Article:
I second the motion for Option B. Keep things as simple as you can, diversify your portfolio, keep costs low. I will admin to a certain amount of personal quantitative analysis, not for market timing, but for better understanding future scenarios like when I can retire, "what if" for early retirement buyout, etc. I update the spreadsheet every month or two to keep track of everything.
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Re: Analysis Paralysis: Can you get to the bottom of things?

Post by badbreath » Sat Nov 25, 2017 6:50 pm

Option B is the way to go. You are looking for the perfect portfolio and have realized that its hard to get better then the Three Fund. You are thinking it should not be that easy but really it is.
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Re: Analysis Paralysis: Can you get to the bottom of things?

Post by edge » Sat Nov 25, 2017 7:24 pm

I don’t even know what rigor means in this context.

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Re: Analysis Paralysis: Can you get to the bottom of things?

Post by TD2626 » Sat Nov 25, 2017 8:21 pm

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LadyGeek wrote:
Sat Nov 25, 2017 4:32 pm
This thread is now in the Personal Finance (Not Investing) forum (behavioral finance).

Option B: Keep it simple and never look at your portfolio until the end of the year.
Thanks for the recommendation. Sorry for not putting it in the right forum to begin with.
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Sandtrap wrote:
Sat Nov 25, 2017 4:50 pm
A...There’s no gain in complexity.
The problem is that I can't prove that there isn't a gain from complexity - and intuitively believe there must be one. There are some special cases where complexity would be of benefit. If one accepts that there is a n% chance per year that a money market mutual fund will fail,
(reasonable given the history of the Reserve Primary Fund) then to reduce risk, one would want to spread assets among many, many funds. Similarly, buying a large number of individual stocks and holding each one for decades could create a diy index fund with no ER and lower tax drag than an index fund at the expense of complexity. I guess time costs of complexity could reduce the benefits of this complexity.

C...You are market timing.
I wouldn't be market timing as anything in option C's 30% non-simple box would mostly be buy and hold. I guess a small amount of tactical asset allocation (which is ultimately market timing) could be considered but my IPS does not allow for more than a few percent of that.

Option B
3-4 Fund or Balanced Funds (Target or fund of funds, etc) applies to a variety of asset sizes.
Simplicity, low cost, stay the course, etc.
Have you formulated an IPS yet?
Yes, I do have an IPS. I wrote an in depth one myself. It is about 25 pages long and describes nearly every asset or investment strategy I could think of and my views on investing in (or avoiding) each one. It provides concrete limits for implementation.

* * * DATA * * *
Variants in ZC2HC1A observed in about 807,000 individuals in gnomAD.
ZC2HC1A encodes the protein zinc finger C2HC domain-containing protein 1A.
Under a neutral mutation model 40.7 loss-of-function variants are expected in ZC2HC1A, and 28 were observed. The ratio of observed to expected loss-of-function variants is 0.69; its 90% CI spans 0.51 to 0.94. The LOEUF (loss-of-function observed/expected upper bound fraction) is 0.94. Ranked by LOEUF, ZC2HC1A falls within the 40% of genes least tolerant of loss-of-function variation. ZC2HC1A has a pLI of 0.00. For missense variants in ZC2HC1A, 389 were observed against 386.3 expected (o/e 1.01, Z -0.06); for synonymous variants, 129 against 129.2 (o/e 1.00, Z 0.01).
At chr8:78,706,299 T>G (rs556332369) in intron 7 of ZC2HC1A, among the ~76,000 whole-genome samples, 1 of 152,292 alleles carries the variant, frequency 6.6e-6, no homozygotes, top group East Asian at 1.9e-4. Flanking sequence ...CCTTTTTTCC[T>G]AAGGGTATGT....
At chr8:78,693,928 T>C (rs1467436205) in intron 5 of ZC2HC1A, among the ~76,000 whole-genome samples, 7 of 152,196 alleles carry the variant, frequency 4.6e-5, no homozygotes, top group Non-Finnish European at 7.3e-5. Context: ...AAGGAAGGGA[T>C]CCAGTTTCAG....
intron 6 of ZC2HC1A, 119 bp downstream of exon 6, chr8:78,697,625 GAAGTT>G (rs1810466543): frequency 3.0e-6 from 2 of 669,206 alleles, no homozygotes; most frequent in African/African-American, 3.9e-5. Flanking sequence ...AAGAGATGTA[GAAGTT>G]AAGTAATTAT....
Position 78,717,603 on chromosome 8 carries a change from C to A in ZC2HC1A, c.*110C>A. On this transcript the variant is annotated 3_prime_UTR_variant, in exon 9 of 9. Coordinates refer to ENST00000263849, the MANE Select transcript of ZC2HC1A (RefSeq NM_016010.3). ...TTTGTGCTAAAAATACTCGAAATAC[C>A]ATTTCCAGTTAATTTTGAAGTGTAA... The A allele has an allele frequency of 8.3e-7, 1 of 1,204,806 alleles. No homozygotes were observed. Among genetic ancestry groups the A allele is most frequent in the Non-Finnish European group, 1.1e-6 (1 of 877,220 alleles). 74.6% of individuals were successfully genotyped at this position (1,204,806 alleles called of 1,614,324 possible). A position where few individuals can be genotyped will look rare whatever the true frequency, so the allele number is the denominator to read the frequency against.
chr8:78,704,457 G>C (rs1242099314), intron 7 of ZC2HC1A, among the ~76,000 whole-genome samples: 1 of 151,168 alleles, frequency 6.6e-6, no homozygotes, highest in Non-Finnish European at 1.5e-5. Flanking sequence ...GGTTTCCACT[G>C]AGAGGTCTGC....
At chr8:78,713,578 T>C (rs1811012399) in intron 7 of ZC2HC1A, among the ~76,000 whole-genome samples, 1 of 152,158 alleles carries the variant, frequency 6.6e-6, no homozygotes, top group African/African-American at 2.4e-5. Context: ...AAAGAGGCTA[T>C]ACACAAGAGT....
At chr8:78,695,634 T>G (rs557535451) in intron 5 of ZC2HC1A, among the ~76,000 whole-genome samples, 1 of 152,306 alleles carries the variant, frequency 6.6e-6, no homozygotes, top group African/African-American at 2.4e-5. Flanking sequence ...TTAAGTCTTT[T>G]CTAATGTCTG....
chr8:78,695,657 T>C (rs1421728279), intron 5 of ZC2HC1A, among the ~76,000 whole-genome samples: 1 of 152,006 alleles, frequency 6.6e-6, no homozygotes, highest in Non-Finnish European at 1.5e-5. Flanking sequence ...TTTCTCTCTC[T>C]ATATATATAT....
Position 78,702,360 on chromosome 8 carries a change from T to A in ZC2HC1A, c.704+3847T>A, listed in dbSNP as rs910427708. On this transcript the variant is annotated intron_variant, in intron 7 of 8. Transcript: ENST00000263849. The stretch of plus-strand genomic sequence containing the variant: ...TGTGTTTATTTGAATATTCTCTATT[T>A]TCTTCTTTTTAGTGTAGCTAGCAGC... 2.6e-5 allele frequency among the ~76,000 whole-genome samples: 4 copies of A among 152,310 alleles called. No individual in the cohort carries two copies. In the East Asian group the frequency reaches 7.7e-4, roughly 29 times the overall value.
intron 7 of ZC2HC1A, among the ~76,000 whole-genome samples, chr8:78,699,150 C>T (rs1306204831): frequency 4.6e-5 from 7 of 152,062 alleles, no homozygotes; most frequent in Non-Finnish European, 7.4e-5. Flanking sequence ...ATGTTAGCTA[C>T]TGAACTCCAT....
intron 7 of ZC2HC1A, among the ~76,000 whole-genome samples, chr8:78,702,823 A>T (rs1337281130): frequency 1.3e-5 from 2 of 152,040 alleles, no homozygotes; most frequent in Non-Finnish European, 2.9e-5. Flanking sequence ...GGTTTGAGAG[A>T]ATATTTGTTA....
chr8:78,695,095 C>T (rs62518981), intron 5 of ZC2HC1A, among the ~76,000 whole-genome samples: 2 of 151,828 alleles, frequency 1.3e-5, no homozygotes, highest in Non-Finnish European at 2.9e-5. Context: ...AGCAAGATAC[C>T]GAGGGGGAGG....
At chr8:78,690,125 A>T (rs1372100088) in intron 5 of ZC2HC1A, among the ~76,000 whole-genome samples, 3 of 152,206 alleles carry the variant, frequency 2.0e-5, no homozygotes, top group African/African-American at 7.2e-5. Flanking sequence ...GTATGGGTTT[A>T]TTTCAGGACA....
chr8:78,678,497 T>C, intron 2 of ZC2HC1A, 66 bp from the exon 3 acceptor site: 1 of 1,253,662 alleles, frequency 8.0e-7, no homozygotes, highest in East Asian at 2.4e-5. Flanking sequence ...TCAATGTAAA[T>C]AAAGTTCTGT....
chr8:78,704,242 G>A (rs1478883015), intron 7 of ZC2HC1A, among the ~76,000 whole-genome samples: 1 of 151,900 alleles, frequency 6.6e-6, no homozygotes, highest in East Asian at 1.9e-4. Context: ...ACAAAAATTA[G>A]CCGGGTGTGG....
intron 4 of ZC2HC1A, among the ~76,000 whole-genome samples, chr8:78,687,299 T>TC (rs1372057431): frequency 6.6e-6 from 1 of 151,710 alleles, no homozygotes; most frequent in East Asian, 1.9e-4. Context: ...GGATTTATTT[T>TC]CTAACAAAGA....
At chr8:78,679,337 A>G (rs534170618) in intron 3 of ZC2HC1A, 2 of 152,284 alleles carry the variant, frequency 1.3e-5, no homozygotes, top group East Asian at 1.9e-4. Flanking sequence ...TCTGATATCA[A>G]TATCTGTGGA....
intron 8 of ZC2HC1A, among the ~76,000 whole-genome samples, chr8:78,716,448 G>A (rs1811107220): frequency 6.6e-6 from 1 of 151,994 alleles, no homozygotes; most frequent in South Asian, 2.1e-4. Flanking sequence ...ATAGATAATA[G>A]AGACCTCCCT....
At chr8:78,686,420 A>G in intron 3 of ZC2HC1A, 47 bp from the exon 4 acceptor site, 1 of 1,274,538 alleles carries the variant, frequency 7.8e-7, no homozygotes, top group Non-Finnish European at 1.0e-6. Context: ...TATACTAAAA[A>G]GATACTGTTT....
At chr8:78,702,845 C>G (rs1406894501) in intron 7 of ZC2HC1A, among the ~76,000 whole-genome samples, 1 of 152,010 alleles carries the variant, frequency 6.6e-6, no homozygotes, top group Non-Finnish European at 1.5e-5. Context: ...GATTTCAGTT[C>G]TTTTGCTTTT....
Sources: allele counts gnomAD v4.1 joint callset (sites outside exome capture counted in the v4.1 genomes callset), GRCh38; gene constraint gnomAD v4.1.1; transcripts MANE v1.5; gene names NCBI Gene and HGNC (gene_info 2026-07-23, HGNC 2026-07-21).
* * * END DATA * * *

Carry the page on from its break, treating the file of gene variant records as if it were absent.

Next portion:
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*********************************************************
pkcrafter wrote:
Sat Nov 25, 2017 5:08 pm
TD2626 wrote:
Sat Nov 25, 2017 3:25 pm
Although I have no formal background in this area, I have been reading the forum a lot trying to get to the bottom of investing in hopes of better managing my own investments and better being able to help family members when they have questions.

95% of us don't have formal training, but where else can folks like us beat 80% of all investors?

There is no bottom, you will just go around in circles. You are trying to focus on the bark of a tree when you should be standing back and looking at the forest.
Yeah, I'm realizing that it's hard to even keep up with the volume of news pouring out of various outlets day by day - much less read up on old papers, research long term market history, etc.
I told myself about 6 months ago I’d get to the bottom of investing – and took a deep, deep dive, reading an enormous number of historical threads on this site, reading Vanguard white papers, academic papers, the wiki, books, etc. I’ve been primarily focused on wrapping my head around theory and finding the ideal, perfect portfolio.
There is no ideal, perfect portfolio. All decisions and all portfolios involve some sort of compromise.
Good point. I was hoping that Option C would be a compromise position - where I didn't have to decide whether or not buy a large tilt, or what tilts to get. I could instead get a 3 fund style portfolio for most of the portfolio and then add on around the margins with a large number of small tilts (tilting towards nearly everything).
Unfortunately, it’s just not working. The more I learn, the more I realize how little I know
Along time ago, after doing what you are doing, it suddenly dawned on me: the more I learned, the more I realized the less I really needed to know. It still holds true. Ah, sweet simplicity. I've been following Taylor Larimore's unwavering guidance for almost 20 years. Oh, I still read up on the latest fads and new ideas, but I have not been lured away.
How do you know when the latest idea is durable and needed? Small-value tilting isn't exactly a recent idea, it's been around for a good while. Something like cat bonds, or the most recent factors, are much newer.
compared to all there is to learn. I’ve gained some familiarity with many topics, and I had hoped that by now I would be able to find perfection.
There is no perfection. The market is a chameleon and changes it's look all the time. Being a perfectionist is not a good trait when it comes to investing.
If being a perfectionist is not a good trait, is being a rationalist a good trait? I really do aspire to be the rational investor that theory assumes me to be - making decisions only based on logical and quantitative arguments instead of emotional considerations. I believe I am fairly good at being rational.